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IEA sees Opec supply jumping most in four years on Saudi surge

[LONDON] Opec production climbed by the most in almost four years as Saudi Arabia, Iraq and Libya boosted output amid a stronger outlook for global oil demand, according to the International Energy Agency.

The Organization of Petroleum Exporting Countries raised output by 890,000 barrels a day to 31.02 million a day in March, the biggest monthly gain since June 2011, the IEA estimated. Preliminary data suggest output may rise further this month, it said. The agency cut its prediction for US and Canadian oil supply growth in the second half of the year.

Oil prices are 45 per cent lower than a year ago, trading at US$59 a barrel in London today, as Opec maintains a policy of defending market share in response to booming US shale output. While members including Iran and Libya are urging the organization to support prices by curbing output, Saudi Arabia is insisting Opec should only pare supply if producers outside the group share the burden.

"Opec's core Gulf producers - led by Saudi Arabia - appear to be sticking with their defense of market share," the Paris-based adviser to 29 nations said in its monthly market report.

While "unexpected pockets of demand strength" have emerged, it's too early to say whether they will last, the IEA said. Global oil demand will increase by 1.1 million barrels a day this year to an average 93.6 million a day. That's 90,000 barrels a day more than projected in last month's report, reflecting both global economic recovery and especially cold winter temperatures in the first quarter.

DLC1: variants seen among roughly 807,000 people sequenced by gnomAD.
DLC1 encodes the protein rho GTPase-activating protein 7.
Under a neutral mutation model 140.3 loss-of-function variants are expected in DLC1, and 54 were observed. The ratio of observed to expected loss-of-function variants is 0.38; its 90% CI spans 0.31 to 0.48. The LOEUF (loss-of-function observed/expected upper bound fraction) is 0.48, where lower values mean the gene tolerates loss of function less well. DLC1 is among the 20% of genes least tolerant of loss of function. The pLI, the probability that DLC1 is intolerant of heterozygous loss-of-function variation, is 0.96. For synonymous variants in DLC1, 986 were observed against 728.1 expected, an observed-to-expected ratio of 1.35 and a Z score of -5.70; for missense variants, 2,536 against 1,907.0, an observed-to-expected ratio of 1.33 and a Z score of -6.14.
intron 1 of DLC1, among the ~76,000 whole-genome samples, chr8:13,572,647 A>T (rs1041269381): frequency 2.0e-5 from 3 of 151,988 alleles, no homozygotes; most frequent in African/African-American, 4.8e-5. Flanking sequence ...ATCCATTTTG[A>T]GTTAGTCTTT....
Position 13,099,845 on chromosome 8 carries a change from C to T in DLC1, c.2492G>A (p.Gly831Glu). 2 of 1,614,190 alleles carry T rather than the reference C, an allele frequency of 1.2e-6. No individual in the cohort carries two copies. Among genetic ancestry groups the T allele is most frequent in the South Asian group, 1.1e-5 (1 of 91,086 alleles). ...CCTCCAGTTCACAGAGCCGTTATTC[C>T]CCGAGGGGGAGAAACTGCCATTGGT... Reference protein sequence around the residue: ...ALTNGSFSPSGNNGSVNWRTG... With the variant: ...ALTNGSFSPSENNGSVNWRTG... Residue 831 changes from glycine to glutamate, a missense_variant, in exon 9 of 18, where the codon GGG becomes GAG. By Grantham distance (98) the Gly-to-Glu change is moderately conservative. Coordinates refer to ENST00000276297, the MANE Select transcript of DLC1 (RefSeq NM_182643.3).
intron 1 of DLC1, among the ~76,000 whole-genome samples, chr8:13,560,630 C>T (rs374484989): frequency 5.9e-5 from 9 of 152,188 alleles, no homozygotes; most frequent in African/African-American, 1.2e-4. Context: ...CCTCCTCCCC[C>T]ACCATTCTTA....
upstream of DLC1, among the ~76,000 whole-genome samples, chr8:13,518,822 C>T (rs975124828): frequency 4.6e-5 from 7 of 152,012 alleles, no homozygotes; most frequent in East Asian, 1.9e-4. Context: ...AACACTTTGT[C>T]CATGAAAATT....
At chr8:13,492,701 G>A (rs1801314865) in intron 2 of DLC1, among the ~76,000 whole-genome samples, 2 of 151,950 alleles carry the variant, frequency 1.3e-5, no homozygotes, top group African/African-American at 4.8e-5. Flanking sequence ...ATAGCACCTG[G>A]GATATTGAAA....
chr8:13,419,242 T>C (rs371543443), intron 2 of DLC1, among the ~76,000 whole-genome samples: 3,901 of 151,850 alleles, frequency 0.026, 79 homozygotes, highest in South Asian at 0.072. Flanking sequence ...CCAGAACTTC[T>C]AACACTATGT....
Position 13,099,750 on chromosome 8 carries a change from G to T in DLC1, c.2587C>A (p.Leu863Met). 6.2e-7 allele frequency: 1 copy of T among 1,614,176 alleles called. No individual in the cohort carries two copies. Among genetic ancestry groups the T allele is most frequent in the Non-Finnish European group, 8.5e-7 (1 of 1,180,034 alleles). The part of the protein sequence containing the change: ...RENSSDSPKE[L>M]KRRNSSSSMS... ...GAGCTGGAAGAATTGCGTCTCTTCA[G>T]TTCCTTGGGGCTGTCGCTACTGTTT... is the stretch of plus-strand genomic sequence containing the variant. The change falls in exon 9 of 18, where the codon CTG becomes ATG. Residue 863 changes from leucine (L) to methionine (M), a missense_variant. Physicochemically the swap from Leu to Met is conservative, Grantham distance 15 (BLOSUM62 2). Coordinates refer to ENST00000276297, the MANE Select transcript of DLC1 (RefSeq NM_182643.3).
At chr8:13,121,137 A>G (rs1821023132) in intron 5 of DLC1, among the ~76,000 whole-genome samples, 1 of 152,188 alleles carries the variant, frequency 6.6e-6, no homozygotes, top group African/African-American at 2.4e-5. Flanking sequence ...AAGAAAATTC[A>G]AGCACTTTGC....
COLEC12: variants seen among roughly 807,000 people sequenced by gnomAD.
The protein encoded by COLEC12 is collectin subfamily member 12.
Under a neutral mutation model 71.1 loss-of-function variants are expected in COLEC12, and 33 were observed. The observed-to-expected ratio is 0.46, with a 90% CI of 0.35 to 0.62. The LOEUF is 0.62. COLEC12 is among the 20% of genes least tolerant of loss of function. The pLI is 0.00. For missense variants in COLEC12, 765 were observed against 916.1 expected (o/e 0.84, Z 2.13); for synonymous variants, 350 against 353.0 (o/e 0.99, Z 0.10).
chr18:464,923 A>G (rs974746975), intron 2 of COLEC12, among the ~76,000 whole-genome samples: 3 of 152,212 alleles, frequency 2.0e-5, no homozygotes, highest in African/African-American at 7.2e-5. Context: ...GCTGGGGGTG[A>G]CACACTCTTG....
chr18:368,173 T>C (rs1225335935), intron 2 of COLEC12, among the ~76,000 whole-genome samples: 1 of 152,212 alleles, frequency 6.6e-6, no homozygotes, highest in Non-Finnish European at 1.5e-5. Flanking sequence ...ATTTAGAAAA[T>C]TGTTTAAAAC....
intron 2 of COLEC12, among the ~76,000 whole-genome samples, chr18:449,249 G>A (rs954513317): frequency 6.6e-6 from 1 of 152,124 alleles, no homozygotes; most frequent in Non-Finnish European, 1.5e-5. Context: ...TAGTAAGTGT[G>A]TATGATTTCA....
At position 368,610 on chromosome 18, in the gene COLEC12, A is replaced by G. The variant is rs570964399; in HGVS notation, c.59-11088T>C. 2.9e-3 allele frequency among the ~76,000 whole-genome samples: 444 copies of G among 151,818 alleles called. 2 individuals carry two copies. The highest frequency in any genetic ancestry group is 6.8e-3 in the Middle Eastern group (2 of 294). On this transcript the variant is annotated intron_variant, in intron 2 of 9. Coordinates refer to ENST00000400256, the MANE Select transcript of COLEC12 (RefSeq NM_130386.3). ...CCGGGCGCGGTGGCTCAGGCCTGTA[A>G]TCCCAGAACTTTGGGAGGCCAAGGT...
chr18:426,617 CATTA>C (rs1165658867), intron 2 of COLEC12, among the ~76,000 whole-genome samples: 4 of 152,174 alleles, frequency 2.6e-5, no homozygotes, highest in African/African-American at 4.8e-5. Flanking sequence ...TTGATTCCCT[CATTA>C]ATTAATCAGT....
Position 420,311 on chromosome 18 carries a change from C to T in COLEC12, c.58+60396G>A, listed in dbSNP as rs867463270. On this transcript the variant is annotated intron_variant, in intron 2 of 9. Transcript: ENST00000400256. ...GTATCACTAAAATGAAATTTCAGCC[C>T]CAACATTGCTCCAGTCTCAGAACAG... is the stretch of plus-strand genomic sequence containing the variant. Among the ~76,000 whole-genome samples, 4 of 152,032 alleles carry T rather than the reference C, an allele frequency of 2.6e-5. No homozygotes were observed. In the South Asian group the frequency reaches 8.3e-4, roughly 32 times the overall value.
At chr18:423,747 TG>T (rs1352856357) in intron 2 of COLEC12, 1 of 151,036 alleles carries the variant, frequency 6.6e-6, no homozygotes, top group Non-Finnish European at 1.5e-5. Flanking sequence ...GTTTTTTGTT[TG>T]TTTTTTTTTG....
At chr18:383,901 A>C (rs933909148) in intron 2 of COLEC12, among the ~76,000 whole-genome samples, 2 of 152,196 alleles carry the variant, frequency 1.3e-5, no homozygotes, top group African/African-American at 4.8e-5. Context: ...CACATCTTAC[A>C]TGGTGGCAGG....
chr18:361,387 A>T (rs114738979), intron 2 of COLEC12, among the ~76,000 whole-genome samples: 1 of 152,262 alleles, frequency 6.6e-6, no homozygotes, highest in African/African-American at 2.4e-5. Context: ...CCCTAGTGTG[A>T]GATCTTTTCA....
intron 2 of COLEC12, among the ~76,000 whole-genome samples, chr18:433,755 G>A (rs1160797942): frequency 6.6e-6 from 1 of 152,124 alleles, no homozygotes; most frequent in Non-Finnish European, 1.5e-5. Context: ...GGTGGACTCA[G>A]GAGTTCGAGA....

"Stronger-than-expected demand in the first quarter might signal a faster recovery" or "might just as likely point to a slower one if pockets of demand strength prove short-lived and lead to weaker deliveries later on," the IEA said.

The agency trimmed estimates for North American production in the second half of the year by 160,000 barrels a day because of a weaker outlook for the US and Canada. Drillers in the US have cut the number of rigs in service to the lowest since 2010, according to Baker Hughes Inc. The IEA left projections for total non-Opec supply in 2015 unchanged at 57.4 million barrels a day.

Global supply increased by 3.5 million barrels a day in March from a year ago as gains in the US, and some in Russia, added to the output surge from Opec, according to the agency.

While the IEA increased global oil demand forecasts slightly for 2015, it said the market's response to lower prices "may still be in its early stage."

The jump in Opec's output in March leaves the organization's production about 2.5 million barrels a day higher than the average of 28.5 million a day needed in the second quarter, according the report. The group will next meet to review output targets on June 5 in Vienna.

Saudi Arabia, Opec's biggest member, led the increases with growth of 390,000 barrels a day to 10.1 million a day in March, the highest since September 2013 and close to record levels, the IEA said. The country's exports rose by 600,000 barrels a day to 7.4 million a day, with most of the increase headed to customers in Asia, according to the IEA.

Iraq restored output by 350,000 barrels a day to 3.67 million a day in March as improved weather in the Persian Gulf enabled the country to export a record 3 million barrels a day.

Libya revived production by 190,000 barrels a day to 480,000 a day even as conflict intensified between the country's internationally recognized government in the east and a rival Islamist administration in Tripoli, the capital.

Iran's crude exports rose to 1.27 million barrels a day in March, the highest in a year, amid rising purchases by China, according to the report. One of the biggest uncertainties for the market is whether the country will secure a deal with world powers that lifts sanctions on its oil exports, following a preliminary accord on April 2, the agency said.